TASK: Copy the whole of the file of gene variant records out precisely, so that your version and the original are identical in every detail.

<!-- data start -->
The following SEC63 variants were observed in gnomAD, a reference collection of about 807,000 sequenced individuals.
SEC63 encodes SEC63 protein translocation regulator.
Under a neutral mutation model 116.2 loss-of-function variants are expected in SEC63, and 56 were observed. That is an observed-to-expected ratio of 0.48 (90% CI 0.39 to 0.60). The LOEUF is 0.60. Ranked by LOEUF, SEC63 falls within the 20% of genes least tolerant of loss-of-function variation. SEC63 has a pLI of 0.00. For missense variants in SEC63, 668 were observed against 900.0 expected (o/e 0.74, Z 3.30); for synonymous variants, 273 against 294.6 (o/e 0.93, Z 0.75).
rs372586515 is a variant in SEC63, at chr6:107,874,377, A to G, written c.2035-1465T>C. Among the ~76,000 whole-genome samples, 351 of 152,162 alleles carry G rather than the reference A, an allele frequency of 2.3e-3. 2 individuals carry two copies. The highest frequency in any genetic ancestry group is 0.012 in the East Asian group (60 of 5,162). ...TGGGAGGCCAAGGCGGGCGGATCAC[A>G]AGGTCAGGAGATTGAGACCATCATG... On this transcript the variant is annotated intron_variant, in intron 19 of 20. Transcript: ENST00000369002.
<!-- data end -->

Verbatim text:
The following SEC63 variants were observed in gnomAD, a reference collection of about 807,000 sequenced individuals.
SEC63 encodes SEC63 protein translocation regulator.
Under a neutral mutation model 116.2 loss-of-function variants are expected in SEC63, and 56 were observed. That is an observed-to-expected ratio of 0.48 (90% CI 0.39 to 0.60). The LOEUF is 0.60. Ranked by LOEUF, SEC63 falls within the 20% of genes least tolerant of loss-of-function variation. SEC63 has a pLI of 0.00. For missense variants in SEC63, 668 were observed against 900.0 expected (o/e 0.74, Z 3.30); for synonymous variants, 273 against 294.6 (o/e 0.93, Z 0.75).
rs372586515 is a variant in SEC63, at chr6:107,874,377, A to G, written c.2035-1465T>C. Among the ~76,000 whole-genome samples, 351 of 152,162 alleles carry G rather than the reference A, an allele frequency of 2.3e-3. 2 individuals carry two copies. The highest frequency in any genetic ancestry group is 0.012 in the East Asian group (60 of 5,162). ...TGGGAGGCCAAGGCGGGCGGATCAC[A>G]AGGTCAGGAGATTGAGACCATCATG... On this transcript the variant is annotated intron_variant, in intron 19 of 20. Transcript: ENST00000369002.